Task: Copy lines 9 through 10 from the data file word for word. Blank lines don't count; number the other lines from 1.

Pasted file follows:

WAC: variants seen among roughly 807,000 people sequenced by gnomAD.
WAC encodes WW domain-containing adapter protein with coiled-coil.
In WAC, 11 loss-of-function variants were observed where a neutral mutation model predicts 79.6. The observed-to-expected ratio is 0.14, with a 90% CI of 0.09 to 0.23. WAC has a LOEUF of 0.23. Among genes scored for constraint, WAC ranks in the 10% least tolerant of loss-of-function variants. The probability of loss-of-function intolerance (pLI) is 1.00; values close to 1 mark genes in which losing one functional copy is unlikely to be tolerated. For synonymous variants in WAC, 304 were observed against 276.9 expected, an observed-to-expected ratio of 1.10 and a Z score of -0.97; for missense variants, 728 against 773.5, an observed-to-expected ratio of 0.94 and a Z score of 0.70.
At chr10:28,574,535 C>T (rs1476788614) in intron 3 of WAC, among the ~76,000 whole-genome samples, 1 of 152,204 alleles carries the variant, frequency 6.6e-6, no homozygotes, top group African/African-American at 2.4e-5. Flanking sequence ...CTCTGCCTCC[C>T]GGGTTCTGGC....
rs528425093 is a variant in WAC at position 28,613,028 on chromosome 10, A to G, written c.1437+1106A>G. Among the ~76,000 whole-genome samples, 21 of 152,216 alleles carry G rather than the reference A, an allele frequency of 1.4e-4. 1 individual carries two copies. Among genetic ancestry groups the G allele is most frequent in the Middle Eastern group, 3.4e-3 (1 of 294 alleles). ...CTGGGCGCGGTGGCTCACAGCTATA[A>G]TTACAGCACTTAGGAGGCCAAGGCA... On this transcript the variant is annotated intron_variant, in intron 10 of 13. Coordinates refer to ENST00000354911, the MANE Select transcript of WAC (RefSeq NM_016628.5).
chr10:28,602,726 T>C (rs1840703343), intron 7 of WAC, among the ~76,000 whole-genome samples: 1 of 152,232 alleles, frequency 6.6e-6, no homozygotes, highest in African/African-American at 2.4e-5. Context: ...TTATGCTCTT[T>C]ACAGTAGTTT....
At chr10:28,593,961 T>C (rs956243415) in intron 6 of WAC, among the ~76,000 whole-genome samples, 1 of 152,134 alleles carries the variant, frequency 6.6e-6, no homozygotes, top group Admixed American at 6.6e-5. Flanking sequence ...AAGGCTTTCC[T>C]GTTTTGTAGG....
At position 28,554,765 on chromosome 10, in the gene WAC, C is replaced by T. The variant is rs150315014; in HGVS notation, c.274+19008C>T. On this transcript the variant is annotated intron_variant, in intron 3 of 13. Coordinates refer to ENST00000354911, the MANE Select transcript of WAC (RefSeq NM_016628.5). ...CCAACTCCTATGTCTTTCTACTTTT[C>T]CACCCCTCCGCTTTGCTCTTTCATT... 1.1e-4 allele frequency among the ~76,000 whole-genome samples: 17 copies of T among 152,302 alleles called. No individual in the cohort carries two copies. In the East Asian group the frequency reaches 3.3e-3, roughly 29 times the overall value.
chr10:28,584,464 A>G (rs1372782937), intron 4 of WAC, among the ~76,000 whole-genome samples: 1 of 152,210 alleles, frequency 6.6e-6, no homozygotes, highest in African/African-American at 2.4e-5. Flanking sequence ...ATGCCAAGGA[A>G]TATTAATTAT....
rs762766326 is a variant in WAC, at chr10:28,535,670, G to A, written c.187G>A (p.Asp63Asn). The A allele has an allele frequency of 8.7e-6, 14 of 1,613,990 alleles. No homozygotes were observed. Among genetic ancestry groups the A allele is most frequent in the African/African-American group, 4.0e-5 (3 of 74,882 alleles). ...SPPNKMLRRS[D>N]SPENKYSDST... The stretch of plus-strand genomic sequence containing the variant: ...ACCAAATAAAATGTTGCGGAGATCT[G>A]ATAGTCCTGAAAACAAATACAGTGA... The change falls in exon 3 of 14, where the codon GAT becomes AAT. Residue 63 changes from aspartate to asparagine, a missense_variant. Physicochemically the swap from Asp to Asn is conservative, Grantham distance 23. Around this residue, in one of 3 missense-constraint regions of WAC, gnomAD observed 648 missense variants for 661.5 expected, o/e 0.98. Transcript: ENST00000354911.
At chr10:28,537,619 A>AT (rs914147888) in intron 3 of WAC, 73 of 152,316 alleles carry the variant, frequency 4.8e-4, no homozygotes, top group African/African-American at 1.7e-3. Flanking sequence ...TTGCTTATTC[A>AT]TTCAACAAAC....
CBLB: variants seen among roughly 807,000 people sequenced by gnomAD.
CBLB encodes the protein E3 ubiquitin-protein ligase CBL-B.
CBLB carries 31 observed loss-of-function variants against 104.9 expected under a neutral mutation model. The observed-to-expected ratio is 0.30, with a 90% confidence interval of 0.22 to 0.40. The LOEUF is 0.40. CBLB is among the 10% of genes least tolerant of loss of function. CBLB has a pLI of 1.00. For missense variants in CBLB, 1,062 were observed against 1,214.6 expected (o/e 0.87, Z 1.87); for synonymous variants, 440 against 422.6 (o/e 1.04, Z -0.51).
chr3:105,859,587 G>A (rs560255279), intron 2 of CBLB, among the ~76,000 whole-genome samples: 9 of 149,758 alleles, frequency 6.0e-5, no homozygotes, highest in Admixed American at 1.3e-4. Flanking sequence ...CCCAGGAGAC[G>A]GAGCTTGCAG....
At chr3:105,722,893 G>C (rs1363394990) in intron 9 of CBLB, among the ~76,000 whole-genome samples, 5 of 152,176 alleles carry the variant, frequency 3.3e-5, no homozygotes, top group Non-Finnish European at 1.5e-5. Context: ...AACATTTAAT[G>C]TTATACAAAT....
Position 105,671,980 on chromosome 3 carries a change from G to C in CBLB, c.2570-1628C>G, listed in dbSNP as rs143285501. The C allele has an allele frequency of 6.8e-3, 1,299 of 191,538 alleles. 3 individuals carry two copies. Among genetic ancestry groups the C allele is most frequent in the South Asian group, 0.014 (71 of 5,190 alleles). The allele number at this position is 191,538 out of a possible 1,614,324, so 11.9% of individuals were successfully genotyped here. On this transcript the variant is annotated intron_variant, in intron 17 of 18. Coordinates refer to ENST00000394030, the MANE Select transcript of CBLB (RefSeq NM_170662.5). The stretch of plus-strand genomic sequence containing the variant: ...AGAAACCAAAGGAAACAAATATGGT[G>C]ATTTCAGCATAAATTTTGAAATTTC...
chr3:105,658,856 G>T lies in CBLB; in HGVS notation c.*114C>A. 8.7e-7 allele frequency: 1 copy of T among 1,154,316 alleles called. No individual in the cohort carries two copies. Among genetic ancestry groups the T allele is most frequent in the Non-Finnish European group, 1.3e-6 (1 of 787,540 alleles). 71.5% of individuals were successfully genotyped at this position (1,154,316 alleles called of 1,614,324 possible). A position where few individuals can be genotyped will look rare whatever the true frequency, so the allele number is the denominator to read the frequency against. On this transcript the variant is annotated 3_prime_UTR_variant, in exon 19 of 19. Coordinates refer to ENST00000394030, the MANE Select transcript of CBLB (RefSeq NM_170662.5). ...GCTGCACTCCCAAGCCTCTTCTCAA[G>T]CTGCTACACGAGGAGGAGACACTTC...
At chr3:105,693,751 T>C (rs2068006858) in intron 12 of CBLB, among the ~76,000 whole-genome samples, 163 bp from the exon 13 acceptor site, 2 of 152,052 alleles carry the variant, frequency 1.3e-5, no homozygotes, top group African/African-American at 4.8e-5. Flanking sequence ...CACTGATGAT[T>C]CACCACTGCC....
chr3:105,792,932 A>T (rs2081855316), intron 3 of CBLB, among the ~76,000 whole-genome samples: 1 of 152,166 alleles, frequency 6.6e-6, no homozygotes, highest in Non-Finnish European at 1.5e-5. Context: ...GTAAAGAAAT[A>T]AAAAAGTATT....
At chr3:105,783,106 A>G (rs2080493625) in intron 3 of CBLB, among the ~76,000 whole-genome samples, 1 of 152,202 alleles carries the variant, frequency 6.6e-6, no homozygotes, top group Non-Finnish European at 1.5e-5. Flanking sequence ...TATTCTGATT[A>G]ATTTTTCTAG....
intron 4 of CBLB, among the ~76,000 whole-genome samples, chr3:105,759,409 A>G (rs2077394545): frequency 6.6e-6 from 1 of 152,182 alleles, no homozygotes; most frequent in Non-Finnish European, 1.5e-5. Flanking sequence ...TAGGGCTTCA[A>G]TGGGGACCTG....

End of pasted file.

chr10:28,584,464 A>G (rs1372782937), intron 4 of WAC, among the ~76,000 whole-genome samples: 1 of 152,210 alleles, frequency 6.6e-6, no homozygotes, highest in African/African-American at 2.4e-5. Flanking sequence ...ATGCCAAGGA[A>G]TATTAATTAT....
rs762766326 is a variant in WAC, at chr10:28,535,670, G to A, written c.187G>A (p.Asp63Asn). The A allele has an allele frequency of 8.7e-6, 14 of 1,613,990 alleles. No homozygotes were observed. Among genetic ancestry groups the A allele is most frequent in the African/African-American group, 4.0e-5 (3 of 74,882 alleles). ...SPPNKMLRRS[D>N]SPENKYSDST... The stretch of plus-strand genomic sequence containing the variant: ...ACCAAATAAAATGTTGCGGAGATCT[G>A]ATAGTCCTGAAAACAAATACAGTGA... The change falls in exon 3 of 14, where the codon GAT becomes AAT. Residue 63 changes from aspartate to asparagine, a missense_variant. Physicochemically the swap from Asp to Asn is conservative, Grantham distance 23. Around this residue, in one of 3 missense-constraint regions of WAC, gnomAD observed 648 missense variants for 661.5 expected, o/e 0.98. Transcript: ENST00000354911.